Applying the substantial evidence standard of review to a case where no contested case hearing took place may seem anomalous because there is no formal record that was presented before an administrative law judge. EN § 1-606, however, expressly details the documents that can be included in a record. EN § 1-606(c)(1)-(9).[39] For example, EN § 1-606 stipulates that any draft permit, comments submitted to MDE [447 Md. 120] during the public comment period, transcripts of public hearings on the permit application, and responses to submitted comments constitute part of the administrative record. Thus, we are essentially reviewing the same record that we would have examined, excluding the administrative law judge's decision, had the merits of this case been subject to a contested case proceeding. Accordingly, our review of the issuance of the Permits fits within the substantial evidence standard of review contemplated by SG § 10-222.

          In a review for substantial evidence, we ask " whether a reasoning mind reasonably could have reached the factual conclusion the agency reached." Najafi v. Motor Vehicle Admin., 418 Md. 164, 173, 12 A.3d 1255, 1261 (2011). We should accord deference " 'to the agency's fact-finding and drawing of inferences'" when the record supports them. Id. (citation omitted); see Mayor & Aldermen of City of Annapolis v. Annapolis Waterfront Co., 284 Md. 383, 399, 396 A.2d 1080, 1089 (1979) (" The court may not substitute its judgment on the question whether the inference drawn is the right one or whether a different inference would be better supported. The test is reasonableness, not rightness." ) (citation and internal quotation marks omitted). Moreover, we shall review the agency's decision " 'in the light most favorable to it.'" Najafi, 418 Md. at 173, 12 A.3d at 1261. Finally, we must accord an agency great deference regarding factual questions involving scientific matters in its area of technical expertise. Bd. of Physician Quality Assurance v. Banks, 354 Md. 59, 69, 729 A.2d 376, 381 (1999) (" [T]he expertise of the agency in its own field should be respected." ).

         We have characterized the arbitrary and capricious standard of review as one that is " extremely deferential." Harvey v. Marshall, 389 Md. 243, 299, 884 A.2d 1171, 1205 (2005). In reviewing the issuance of an NPDES permit, the U.S. Court of Appeals for the Second Circuit quoted language derived from Motor Vehicle Mfrs. Ass'n v. State Farm Mut. Auto. Ins. Co., 463 U.S. 29, 43 (1983), 103 S.Ct. 2856, 77 L.Ed.2d 443--the [447 Md. 121] United States Supreme Court's leading case on the arbitrary and capricious standard:

To determine whether the agency's actions were " arbitrary and capricious," we consider whether the agency 'relied on factors which Congress has not intended it to consider, entirely failed to consider an important aspect of the problem, offered an explanation for its decision that runs counter to the evidence before the agency, or is so implausible that it could not be ascribed to a difference in view or the product of agency expertise.'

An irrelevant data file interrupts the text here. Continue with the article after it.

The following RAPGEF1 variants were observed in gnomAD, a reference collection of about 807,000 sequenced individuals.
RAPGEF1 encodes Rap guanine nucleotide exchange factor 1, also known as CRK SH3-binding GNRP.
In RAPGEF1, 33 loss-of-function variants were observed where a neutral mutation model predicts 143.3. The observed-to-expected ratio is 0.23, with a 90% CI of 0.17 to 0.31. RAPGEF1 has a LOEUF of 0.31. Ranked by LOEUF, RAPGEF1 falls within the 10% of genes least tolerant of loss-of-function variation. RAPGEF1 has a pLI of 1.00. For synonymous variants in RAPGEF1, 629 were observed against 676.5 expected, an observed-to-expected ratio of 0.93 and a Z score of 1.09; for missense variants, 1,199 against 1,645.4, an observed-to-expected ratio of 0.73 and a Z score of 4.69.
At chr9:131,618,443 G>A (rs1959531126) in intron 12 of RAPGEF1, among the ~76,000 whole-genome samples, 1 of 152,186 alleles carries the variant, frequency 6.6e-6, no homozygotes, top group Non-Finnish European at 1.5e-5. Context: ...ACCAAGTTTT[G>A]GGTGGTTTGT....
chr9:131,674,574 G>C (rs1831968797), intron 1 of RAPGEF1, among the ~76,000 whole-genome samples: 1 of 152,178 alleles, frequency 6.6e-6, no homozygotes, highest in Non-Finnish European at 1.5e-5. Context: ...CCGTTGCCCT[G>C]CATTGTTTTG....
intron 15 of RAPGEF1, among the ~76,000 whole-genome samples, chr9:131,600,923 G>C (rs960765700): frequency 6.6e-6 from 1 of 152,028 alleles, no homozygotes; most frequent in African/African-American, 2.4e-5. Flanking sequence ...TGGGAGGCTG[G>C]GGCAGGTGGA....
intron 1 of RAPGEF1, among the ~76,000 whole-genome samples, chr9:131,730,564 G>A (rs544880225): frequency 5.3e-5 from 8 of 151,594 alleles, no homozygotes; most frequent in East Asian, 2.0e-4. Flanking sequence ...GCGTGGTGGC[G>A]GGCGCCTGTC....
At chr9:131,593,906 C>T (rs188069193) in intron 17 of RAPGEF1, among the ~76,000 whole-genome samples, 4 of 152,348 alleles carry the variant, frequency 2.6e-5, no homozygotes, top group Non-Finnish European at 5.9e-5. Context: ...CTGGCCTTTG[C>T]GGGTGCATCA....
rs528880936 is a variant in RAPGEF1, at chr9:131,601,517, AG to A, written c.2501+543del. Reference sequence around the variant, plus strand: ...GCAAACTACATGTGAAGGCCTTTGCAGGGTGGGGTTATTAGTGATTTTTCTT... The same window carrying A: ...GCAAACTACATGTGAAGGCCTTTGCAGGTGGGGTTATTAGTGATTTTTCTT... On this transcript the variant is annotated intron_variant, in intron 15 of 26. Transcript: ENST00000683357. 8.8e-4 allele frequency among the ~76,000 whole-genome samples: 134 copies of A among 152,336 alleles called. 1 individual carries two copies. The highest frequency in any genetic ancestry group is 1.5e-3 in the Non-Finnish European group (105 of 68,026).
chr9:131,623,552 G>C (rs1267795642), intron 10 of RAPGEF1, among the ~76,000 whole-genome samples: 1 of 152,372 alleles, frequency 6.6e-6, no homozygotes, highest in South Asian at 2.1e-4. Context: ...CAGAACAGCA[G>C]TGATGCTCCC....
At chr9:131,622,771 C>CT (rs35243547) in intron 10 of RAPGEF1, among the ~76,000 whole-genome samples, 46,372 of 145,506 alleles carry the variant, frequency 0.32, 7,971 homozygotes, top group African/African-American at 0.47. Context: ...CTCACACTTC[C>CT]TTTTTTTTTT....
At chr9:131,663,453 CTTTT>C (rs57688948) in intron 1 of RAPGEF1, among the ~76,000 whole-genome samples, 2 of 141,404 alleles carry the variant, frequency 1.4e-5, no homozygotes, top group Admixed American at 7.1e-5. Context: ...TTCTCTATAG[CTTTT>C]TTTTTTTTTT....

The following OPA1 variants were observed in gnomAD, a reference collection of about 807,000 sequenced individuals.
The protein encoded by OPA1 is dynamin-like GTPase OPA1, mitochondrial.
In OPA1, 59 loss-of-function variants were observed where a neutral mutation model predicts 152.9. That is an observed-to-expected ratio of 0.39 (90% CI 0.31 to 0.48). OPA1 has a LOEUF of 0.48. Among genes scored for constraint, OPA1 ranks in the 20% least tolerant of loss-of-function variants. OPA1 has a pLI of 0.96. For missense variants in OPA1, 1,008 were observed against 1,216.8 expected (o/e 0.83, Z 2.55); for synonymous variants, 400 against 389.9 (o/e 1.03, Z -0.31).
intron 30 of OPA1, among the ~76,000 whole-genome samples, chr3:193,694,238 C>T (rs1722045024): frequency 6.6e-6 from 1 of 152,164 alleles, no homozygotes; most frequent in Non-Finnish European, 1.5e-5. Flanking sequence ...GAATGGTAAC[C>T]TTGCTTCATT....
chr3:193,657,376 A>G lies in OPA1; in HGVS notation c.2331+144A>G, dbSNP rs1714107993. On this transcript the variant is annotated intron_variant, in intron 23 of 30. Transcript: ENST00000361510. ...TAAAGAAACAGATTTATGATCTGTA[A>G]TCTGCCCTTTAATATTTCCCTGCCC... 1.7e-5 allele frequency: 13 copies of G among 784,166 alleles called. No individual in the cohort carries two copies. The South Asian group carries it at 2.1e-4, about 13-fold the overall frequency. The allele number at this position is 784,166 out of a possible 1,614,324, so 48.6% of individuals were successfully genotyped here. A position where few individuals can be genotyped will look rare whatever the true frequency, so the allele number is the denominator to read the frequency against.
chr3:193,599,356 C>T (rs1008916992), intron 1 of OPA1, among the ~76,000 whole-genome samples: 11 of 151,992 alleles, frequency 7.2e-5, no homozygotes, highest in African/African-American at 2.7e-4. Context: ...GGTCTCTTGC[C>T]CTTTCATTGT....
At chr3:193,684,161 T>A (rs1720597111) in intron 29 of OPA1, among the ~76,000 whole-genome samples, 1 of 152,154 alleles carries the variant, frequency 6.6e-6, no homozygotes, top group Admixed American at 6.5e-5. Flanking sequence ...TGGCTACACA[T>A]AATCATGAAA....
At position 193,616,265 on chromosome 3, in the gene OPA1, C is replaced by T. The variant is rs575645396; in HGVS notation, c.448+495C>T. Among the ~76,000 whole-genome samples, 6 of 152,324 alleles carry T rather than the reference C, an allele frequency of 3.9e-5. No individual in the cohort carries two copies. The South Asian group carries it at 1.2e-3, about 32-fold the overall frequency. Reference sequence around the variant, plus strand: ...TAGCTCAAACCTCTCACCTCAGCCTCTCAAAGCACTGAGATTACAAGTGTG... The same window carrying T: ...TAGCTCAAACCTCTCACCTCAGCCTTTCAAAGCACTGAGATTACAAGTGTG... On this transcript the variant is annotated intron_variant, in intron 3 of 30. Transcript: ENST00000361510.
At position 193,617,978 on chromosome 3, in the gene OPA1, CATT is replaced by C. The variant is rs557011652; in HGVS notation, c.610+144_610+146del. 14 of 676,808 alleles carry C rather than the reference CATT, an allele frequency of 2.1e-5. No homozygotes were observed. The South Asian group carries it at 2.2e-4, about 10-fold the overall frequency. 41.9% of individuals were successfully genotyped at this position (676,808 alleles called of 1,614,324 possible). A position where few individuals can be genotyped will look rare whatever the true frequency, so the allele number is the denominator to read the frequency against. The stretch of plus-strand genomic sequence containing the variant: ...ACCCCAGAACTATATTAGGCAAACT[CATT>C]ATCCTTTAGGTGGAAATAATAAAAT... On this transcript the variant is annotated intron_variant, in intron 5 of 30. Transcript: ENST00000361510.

Natural Res. Def. Council, 808 F.3d at 569 (citations and quotation marks omitted). The court also elaborated that " [w]e must be 'satisfied from the record that the agency . . . examine[d] the relevant data and articulate[d] a satisfactory explanation for its action'" and that it " afford[ed] the agency's decision greater deference regarding factual questions involving scientific matters in its area of technical expertise." Id. (quoting State Farm, 463 U.S. at 43) (citations and internal quotation marks omitted). The Second Circuit's articulation of the arbitrary and capricious standard is in accord with Maryland's treatment of this standard as one that is highly deferential. See Harvey, 389 Md. at 299, 884 A.2d at 1205. We are therefore mindful of the Second Circuit's explanation of the principles underlying the arbitrary and capricious standard when applying that standard to this case.[40]

          [447 Md. 122] In addition, we will review an agency decision for an error of law. When our review concerns a legal question, we apply less deference to the agency's conclusions. HNS Dev., LLC v. People's Counsel for Balt. Cnty., 425 Md. 436, 449, 42 A.3d 12, 20 (2012). We refuse to uphold an agency decision " premised solely upon an erroneous conclusion of law." Id. (citation omitted) (internal quotation marks omitted). Otherwise, we ordinarily should give " considerable weight" to an agency's " interpretation and application of the statute which [it] administers." W.R. Grace & Co. v. Swedo, 439 Md. 441, 453, 96 A.3d 210, 217 (2014); John A. v. Bd. of Educ. for Howard Cnty., 400 Md. 363, 381-82, 929 A.2d 136, 147 (2007) (" In reviewing an agency's legal conclusions, it is a fundamental principle of administrative law that a reviewing court should not substitute its judgment for the expertise of those persons who constitute the administrative agency." ).